Unimpressed by Ip Man: The Legend is Born trailer, the film didn’t make it into my preliminary list of ten films for the Fantasia Festival therefore, mere hours before the showing, cutting it close to showtime, I quickly decide on a secondary list of ten films for the festival, bringing my total up to twenty films so far. Once I buy the tickets through the Admissions network, I have to hurry to the box office to make sure I print all my tickets before showtime.
I meet my brother in the line for Ip Man, stretching up to Sherbrooke Street. I’ve been trying to get my family and friends to accompany me to Fantasia, and it’s been an uphill battle. Now that the Festival is getting more mainstream creds, interest has increased, even if it hasn’t translated into familiar moviegoers around me during my Fantasia screenings. My little brother has been open to accompanying me to Asian action flick, the first one this year being the unfortunate Detective Dee and the Mystery of the Phantom Flame, our chaotic introduction to the festival’s wuxia selection.
In that regard, I’m a little apprehensive about Ip Man: it comes with a few underwhelming reviews; unlike the first Ip Man, it wasn’t lauded at the Hong Kong Film awards; Donnie Yen has gracefully exited, leaving Yu-hang To to replace him as a young Ip Man; the director of the previous films, Wilson Yip, has relinquished the reins to a new director, Herman Yau; the film is a prequel, effectively rebooting the franchise (oh how I hate prequels-sequels-reboots). So, this movie has a lot going against it as my brother and I scan the Hall Theater for adequate seating.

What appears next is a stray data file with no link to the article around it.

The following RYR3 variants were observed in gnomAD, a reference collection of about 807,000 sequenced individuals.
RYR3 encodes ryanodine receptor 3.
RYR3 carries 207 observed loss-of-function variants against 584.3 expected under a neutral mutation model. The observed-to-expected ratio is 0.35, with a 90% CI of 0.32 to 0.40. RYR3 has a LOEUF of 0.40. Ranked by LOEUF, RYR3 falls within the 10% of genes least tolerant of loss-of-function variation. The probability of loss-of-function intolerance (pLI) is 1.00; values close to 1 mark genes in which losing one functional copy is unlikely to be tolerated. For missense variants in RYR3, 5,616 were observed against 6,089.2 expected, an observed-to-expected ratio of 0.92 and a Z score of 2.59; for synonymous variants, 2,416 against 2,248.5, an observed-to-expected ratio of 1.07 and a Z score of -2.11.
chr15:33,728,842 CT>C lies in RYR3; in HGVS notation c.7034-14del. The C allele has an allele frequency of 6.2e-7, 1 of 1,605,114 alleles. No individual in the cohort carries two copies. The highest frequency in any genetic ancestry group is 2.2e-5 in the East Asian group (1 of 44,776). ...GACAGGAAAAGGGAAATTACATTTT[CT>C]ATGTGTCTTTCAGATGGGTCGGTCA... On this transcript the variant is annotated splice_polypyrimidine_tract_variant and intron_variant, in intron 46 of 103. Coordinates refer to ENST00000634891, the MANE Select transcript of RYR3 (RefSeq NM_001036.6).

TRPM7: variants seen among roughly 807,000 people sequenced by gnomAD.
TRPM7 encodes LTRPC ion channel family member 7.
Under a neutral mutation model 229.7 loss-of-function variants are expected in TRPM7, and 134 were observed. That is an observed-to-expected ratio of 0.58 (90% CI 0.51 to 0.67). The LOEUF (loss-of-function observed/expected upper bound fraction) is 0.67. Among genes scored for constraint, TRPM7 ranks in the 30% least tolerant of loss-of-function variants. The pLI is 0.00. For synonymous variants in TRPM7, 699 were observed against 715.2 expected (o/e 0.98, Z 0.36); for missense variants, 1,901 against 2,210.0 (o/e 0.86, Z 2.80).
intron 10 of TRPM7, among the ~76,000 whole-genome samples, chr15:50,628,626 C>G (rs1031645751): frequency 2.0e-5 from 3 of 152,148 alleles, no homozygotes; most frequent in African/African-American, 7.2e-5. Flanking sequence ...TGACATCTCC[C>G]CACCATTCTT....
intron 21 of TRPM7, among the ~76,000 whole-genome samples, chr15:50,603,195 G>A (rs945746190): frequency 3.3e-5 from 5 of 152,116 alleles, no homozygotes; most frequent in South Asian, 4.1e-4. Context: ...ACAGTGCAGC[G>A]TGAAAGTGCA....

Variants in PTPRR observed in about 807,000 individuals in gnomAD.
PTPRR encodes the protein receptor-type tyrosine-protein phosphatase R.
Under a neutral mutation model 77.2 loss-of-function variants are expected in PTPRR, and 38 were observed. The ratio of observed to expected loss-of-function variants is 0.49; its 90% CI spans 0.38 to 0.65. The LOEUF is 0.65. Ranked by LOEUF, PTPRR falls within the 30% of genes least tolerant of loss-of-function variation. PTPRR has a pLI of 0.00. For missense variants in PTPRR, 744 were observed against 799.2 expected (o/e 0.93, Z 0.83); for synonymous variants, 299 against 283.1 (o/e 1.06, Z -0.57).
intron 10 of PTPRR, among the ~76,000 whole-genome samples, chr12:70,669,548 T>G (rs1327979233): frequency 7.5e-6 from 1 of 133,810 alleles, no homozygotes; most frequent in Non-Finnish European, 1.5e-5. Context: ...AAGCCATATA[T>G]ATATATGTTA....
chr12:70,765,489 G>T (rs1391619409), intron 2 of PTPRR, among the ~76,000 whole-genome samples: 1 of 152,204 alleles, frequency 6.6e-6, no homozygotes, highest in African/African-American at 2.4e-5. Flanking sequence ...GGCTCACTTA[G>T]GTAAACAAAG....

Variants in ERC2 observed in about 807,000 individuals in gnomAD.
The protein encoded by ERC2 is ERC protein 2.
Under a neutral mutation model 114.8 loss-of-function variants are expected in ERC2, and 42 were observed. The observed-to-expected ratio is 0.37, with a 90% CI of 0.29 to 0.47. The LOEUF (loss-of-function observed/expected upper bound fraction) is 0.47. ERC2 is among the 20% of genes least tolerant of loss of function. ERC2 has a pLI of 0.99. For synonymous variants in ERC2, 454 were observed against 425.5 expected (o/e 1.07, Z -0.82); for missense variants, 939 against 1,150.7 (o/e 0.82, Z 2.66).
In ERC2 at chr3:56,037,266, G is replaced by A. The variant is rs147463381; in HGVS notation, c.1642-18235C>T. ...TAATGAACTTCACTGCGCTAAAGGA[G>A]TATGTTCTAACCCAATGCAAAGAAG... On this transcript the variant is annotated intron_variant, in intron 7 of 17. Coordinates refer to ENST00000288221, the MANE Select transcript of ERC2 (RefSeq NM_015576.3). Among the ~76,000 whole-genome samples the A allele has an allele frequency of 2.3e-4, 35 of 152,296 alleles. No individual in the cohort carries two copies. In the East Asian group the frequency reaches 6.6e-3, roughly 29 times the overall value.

Once the movie starts, past its cheesy introduction, with Sammo Hung as Ip Man’s dying Wing Chun kung fu master, the third Ip Man actually became quite engrossing. Closer to the excitement, fun and emotional pull of the first film, Ip Man: The Legend is Born never pretends it’s the same movie and, instead, builds its own wuxia trail while borrowing from popular Asian film storylines. To closely imitates Donnie Yen, linking his performance to the previous films, sure, but also trailblazing further by infusing his own persona, body language, style and attitude into the character. His Ip Man looks as wise and dangerous as previously yet it’s still a magnificent illusion; as a young incarnation, he’s reckless and impetuous, pretentious and egotistic, in a sense guilty of all of youth’s sins, but in all the while, in the subtle performance, we notice the leadership abilities, the “master of kung fu” qualities that will lead him to become a world-respected figure.
Apart from a few out-of-left-field plot twists, Ip Man: The Legend is Born garners attention and holds it. To’s kung fu is brutal but controlled, different from Donnie Yen’s graceful style, and closer to the real Wing Chun, a style he’s said to practise in real life. The fight scenes are savage and imaginative, yet managing to feel more elegant and poetic than in the previous movies. The storyline is close to several historical wuxia, certainly akin to the first movie’s plot, with the Japanese as the main villains. But it jumps ahead of other Hong Kong franchises and anticipates the gravitas of local collaborators, having Chinese-raised Japanese spies in sharp internal conflict, torn between duty and patriotism.
Ip Man: The Legend is Born is close to a pitch-perfect mainstream action film. Yu-hag To, Donnie Yen’s replacement, not only proves that he has the acting chops to shoulder the franchise from now on, but also, from his innocuous appearance and mysterious glare to his fluid kung fu, emerges as a rising star in Hong Kong cinema.